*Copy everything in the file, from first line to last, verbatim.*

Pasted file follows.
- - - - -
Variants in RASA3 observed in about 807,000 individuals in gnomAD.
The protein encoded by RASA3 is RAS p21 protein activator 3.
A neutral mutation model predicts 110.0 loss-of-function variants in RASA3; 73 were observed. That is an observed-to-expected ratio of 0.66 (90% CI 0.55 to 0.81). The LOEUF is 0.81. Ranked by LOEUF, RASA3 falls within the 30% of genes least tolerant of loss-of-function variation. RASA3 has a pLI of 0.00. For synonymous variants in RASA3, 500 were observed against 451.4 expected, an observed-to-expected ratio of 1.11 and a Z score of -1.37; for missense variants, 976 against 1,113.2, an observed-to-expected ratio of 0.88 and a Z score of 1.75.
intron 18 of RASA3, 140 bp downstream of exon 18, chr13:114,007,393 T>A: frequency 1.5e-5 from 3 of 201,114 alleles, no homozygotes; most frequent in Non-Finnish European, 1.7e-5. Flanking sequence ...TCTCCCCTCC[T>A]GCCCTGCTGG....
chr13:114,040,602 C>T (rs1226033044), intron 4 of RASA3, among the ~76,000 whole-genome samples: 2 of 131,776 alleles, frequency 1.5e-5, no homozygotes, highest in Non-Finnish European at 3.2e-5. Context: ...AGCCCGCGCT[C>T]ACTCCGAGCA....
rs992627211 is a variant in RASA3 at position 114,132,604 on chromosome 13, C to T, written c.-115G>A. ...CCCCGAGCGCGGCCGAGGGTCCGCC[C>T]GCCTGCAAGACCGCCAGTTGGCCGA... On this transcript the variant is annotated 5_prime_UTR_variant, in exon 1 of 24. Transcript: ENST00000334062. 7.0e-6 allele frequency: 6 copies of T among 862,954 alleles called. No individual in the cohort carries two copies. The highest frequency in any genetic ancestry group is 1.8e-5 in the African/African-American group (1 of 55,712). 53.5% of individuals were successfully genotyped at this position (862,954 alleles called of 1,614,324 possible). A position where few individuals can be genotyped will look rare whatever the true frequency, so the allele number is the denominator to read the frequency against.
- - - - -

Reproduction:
Variants in RASA3 observed in about 807,000 individuals in gnomAD.
The protein encoded by RASA3 is RAS p21 protein activator 3.
A neutral mutation model predicts 110.0 loss-of-function variants in RASA3; 73 were observed. That is an observed-to-expected ratio of 0.66 (90% CI 0.55 to 0.81). The LOEUF is 0.81. Ranked by LOEUF, RASA3 falls within the 30% of genes least tolerant of loss-of-function variation. RASA3 has a pLI of 0.00. For synonymous variants in RASA3, 500 were observed against 451.4 expected, an observed-to-expected ratio of 1.11 and a Z score of -1.37; for missense variants, 976 against 1,113.2, an observed-to-expected ratio of 0.88 and a Z score of 1.75.
intron 18 of RASA3, 140 bp downstream of exon 18, chr13:114,007,393 T>A: frequency 1.5e-5 from 3 of 201,114 alleles, no homozygotes; most frequent in Non-Finnish European, 1.7e-5. Flanking sequence ...TCTCCCCTCC[T>A]GCCCTGCTGG....
chr13:114,040,602 C>T (rs1226033044), intron 4 of RASA3, among the ~76,000 whole-genome samples: 2 of 131,776 alleles, frequency 1.5e-5, no homozygotes, highest in Non-Finnish European at 3.2e-5. Context: ...AGCCCGCGCT[C>T]ACTCCGAGCA....
rs992627211 is a variant in RASA3 at position 114,132,604 on chromosome 13, C to T, written c.-115G>A. ...CCCCGAGCGCGGCCGAGGGTCCGCC[C>T]GCCTGCAAGACCGCCAGTTGGCCGA... On this transcript the variant is annotated 5_prime_UTR_variant, in exon 1 of 24. Transcript: ENST00000334062. 7.0e-6 allele frequency: 6 copies of T among 862,954 alleles called. No individual in the cohort carries two copies. The highest frequency in any genetic ancestry group is 1.8e-5 in the African/African-American group (1 of 55,712). 53.5% of individuals were successfully genotyped at this position (862,954 alleles called of 1,614,324 possible). A position where few individuals can be genotyped will look rare whatever the true frequency, so the allele number is the denominator to read the frequency against.